Legal Transfers in Caribbean Legal History
Three members of the research field “Legal Transfers in the Common Law World” attended the 51st Annual Association of Caribbean Historians Conference in Curaçao in the Dutch Caribbean. It was timed to coincide with the 50th anniversary of the Curaçao uprising of 30 May 1969, known as Trinta di Mei in Papiamento, the local language. In the opening panel, local participants gave their eyewitness account of the events that culminated in Trinta di Mei, which began as a labour dispute over working conditions at the oil company Shell but soon became an uprising. The riots, arson and contestation called attention to cultural and racial divisions in Curaçaoan society and, more recently, have helped define a Curaçaoan identity. The fitting theme of the Conference asked participants to reflect on ‘Resistance: A View from the Margins’.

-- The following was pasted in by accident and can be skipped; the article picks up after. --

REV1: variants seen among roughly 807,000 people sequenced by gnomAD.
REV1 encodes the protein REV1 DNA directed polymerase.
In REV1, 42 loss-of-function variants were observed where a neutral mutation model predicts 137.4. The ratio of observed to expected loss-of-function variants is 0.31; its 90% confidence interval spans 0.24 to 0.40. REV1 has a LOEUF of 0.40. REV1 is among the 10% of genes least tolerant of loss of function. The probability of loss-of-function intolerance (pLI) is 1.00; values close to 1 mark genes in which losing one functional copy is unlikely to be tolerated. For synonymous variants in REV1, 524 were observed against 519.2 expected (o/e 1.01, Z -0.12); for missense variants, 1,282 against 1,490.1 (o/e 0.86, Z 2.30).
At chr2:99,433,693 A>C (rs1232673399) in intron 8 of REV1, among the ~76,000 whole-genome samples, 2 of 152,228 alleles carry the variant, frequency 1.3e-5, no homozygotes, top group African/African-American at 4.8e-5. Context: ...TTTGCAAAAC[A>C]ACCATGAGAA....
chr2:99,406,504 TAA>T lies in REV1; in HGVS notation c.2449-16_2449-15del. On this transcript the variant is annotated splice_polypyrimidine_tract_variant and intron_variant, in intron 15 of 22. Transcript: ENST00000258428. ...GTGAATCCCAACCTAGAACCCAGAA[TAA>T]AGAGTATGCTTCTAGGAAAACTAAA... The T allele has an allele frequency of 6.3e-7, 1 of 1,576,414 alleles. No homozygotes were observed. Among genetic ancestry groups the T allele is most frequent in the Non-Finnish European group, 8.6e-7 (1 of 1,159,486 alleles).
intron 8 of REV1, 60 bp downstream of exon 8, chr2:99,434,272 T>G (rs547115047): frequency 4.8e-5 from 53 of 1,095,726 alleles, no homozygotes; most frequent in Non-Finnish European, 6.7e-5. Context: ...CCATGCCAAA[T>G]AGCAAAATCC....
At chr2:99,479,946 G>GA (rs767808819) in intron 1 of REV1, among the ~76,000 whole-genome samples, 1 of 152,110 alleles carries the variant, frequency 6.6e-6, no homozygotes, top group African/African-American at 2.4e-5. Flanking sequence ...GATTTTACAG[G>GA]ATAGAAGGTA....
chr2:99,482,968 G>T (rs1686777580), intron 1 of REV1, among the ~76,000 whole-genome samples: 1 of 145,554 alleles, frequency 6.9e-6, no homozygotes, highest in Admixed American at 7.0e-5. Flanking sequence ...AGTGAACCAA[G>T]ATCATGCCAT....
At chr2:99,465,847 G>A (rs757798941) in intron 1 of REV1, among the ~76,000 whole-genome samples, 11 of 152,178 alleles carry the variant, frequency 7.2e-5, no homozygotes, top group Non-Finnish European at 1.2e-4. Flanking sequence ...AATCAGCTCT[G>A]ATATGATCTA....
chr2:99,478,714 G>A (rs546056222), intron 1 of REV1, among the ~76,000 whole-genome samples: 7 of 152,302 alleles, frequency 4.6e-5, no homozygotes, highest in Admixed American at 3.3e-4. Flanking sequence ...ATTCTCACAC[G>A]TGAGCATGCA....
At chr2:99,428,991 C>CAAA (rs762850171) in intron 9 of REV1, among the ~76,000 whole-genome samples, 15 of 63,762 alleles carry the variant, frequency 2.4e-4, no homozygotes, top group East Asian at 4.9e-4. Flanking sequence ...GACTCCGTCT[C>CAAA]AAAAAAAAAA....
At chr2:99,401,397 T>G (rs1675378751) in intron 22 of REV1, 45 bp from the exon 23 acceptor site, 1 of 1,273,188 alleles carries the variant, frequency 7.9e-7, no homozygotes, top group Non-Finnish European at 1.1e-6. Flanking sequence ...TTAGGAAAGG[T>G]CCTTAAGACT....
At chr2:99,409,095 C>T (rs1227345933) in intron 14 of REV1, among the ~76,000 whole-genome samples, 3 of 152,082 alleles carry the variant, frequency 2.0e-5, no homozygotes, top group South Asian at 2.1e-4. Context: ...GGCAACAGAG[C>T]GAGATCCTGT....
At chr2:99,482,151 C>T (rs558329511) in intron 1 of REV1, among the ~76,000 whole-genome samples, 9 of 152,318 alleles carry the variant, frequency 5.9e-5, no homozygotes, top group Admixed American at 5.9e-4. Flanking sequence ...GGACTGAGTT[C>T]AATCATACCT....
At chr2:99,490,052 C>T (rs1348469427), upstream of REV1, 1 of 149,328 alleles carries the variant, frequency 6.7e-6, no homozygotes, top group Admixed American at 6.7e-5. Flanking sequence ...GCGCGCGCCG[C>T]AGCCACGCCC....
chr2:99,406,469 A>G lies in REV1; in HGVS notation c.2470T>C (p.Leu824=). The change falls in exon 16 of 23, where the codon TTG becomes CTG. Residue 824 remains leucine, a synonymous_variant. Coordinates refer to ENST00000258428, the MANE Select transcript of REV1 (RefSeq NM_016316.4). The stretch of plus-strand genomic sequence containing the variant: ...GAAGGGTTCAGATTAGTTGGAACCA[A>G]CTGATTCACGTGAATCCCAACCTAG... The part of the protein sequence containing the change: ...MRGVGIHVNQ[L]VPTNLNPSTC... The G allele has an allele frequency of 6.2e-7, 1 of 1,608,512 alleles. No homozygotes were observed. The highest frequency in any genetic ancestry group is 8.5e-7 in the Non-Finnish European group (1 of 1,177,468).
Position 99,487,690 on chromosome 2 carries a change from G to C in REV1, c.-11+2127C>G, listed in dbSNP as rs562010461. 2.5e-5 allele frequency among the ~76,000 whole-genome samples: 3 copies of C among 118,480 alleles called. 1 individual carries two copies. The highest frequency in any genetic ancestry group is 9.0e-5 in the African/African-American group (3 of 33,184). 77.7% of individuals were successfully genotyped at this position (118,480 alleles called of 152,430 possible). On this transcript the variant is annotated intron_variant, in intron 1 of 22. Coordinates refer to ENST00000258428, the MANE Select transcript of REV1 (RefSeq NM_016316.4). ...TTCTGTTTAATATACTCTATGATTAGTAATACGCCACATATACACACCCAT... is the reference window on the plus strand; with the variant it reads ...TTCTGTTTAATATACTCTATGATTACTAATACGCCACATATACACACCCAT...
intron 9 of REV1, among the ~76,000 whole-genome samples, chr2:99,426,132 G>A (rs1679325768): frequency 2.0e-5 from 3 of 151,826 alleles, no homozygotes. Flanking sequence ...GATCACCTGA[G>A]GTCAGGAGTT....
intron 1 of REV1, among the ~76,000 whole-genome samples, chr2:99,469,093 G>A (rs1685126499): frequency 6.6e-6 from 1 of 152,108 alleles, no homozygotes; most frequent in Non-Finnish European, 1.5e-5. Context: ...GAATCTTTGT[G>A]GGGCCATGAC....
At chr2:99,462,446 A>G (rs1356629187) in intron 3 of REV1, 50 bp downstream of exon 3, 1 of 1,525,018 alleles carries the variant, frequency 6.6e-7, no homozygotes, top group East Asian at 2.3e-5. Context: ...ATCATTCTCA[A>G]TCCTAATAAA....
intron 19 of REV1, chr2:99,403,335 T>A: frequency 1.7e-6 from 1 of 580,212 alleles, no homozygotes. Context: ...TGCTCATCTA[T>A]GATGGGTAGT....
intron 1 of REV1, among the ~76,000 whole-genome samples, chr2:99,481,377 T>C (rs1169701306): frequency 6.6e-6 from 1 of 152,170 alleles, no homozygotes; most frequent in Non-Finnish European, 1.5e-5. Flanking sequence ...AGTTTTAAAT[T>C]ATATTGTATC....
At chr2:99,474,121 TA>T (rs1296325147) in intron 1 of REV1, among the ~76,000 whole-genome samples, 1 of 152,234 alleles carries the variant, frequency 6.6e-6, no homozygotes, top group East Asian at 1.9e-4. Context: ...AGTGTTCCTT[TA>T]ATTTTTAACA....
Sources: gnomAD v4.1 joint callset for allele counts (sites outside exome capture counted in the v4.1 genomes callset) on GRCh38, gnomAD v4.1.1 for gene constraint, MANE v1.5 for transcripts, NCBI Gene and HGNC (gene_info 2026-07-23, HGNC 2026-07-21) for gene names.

Justine Collins organised the panel on ‘Legal Reverberations in Caribbean History’, where she gave a paper on amelioration and manumission. She analysed the similarities and differences between property and succession law in England and the British Caribbean in the late eighteenth century. Emily Whewell spoke about the interplay between English, French and colonial law in the context of the deportation of fugitives in Trinidad around the turn of the twentieth century. She considered the question of subject-hood in the British Empire. Victoria Barnes discussed principles of commercial law and the introduction of law reporting in the British Caribbean. The first law reports were published in British Guiana in the late nineteenth century and they contributed to the development of commercial law in the region. These papers were received well by an enthusiastic, energetic and knowledgeable audience. Overall, the conference was attended by around 150 participants from a wide range institutions inside and outside the Caribbean.